Susana di Palma has created some of her best work for Zorongo Flamenco Dance Theatre when channeling the passion of Spanish flamenco dance and music into powerful reminders of past and current injustices. She not only honors the roots of her chosen art form but also finds common ground in the stories of other cultures all too familiar with persecution.
Friday night's premiere of "Zorro in the Land of the Golden-Breasted Woodpecker (Moningwunakauning)" at Minneapolis' Cowles Center not only fiercely affirmed Di Palma's dedication to spotlighting humanity's darkest eras but also showed where this deep commitment derives -- her own family's narrative.
Di Palma's Ojibwe great-grandmother Susan Peacock Chisholm lost her two daughters when they were removed to a Catholic boarding school in Bayfield, Wis. Such forced assimilation, which occurred nationally, represents a shameful part of American history. Chisholm walked from the Lac Courte Oreilles reservation to retrieve her children. She returned alone.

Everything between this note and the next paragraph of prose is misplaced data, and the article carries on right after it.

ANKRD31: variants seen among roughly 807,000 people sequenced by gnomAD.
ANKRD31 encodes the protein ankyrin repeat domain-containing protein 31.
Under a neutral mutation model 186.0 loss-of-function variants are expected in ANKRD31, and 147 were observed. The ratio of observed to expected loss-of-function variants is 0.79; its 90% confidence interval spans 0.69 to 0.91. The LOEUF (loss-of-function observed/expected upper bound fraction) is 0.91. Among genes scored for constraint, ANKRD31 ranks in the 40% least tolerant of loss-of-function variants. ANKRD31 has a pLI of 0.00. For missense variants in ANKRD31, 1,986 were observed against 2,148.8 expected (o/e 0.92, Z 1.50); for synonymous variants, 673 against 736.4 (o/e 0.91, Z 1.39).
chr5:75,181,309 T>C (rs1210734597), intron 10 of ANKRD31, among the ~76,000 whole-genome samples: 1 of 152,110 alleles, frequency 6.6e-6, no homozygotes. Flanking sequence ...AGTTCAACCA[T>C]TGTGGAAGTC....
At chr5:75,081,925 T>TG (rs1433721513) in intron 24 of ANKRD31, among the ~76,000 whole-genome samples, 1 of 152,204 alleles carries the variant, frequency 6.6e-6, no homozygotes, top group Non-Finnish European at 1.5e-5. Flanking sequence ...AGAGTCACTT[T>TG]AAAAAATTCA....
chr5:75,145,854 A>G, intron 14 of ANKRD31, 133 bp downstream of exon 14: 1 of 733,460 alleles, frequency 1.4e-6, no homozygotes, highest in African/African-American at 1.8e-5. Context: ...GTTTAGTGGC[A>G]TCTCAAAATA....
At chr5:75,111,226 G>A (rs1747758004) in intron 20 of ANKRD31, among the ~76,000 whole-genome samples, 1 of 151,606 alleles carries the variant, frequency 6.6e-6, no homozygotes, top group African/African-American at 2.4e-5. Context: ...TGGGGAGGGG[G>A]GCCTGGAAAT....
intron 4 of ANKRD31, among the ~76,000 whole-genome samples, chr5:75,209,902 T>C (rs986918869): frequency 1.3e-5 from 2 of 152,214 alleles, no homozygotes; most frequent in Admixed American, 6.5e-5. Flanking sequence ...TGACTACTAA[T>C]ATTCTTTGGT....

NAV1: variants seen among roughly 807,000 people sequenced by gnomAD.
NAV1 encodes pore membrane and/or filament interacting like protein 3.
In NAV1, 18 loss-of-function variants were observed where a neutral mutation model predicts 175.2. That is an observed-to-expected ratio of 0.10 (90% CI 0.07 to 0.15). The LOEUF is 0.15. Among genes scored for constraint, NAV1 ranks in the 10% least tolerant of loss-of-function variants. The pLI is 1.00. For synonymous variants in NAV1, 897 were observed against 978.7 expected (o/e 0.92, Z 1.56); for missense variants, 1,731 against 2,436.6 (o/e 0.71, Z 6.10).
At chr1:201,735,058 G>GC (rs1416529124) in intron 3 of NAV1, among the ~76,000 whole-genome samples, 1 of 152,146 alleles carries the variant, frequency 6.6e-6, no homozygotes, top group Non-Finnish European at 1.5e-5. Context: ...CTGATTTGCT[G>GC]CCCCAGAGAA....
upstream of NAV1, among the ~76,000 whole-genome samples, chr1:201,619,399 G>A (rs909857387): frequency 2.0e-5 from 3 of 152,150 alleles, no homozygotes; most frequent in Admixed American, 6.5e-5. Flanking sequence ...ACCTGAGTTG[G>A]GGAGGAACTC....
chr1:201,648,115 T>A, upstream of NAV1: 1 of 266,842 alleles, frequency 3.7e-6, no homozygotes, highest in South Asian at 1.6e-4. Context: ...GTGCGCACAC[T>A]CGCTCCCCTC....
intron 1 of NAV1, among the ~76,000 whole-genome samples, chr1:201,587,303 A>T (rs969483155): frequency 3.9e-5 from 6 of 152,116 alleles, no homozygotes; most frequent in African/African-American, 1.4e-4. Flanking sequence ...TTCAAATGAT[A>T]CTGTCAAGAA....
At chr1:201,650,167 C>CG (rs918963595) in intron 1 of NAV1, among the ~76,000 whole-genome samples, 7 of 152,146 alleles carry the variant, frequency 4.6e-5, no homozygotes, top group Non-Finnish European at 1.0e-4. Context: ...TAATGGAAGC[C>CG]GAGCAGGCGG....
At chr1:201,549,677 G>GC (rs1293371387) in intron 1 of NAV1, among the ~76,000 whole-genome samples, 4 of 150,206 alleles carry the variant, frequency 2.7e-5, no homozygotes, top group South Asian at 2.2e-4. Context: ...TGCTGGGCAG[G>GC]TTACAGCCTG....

"Zorro" used magical realism to imagine what might have happened if Chisholm (portrayed in her youth by Bridget O'Flaherty and in spirit by Di Palma) had the help of the masked crusader. This idea flourished through Heid Erdrich's often heart-wrenching poetry, Jonathan Thunder's vibrant animation, rhythms from both flamenco and native traditions, and of course, Zorongo's skilled dancers. The rich musical score by Pedro Cortés Jr. featured the soaring voices of Vicente Griego, Marisa Carr and Óscar Valero.
Nature played a key role. The company members appeared as ravens, their percussive feet mimicking sounds of flapping wings. Zorro (Antonio Granjero) was a manifestation of the Ojibwe "trickster" as well as a fox. First an enemy, then an ally, the woodpecker (Valero) supported this playful spirit. Granjero danced with swashbuckling speed and swagger; Valero fueled his fleet feet and ardent singing with canny flair. Each guest artist choreographed his own memorable solo.
Deborah Elias and Colette Illarde performed a haunted, beautiful flamenco duet as the daughters in adulthood. Perhaps purposefully, Myron Johnson as Father Odric used stilted movement in his scenes to convey a sense of being out of step, pious, and dangerously secretive.
As Di Palma uttered Erdrich's words in the final scene, it was impossible not to feel the lasting trauma of Chisholm's story: "It's a wonder how the moon waits/ As grandmothers wait, for years/ Until our children's children come home."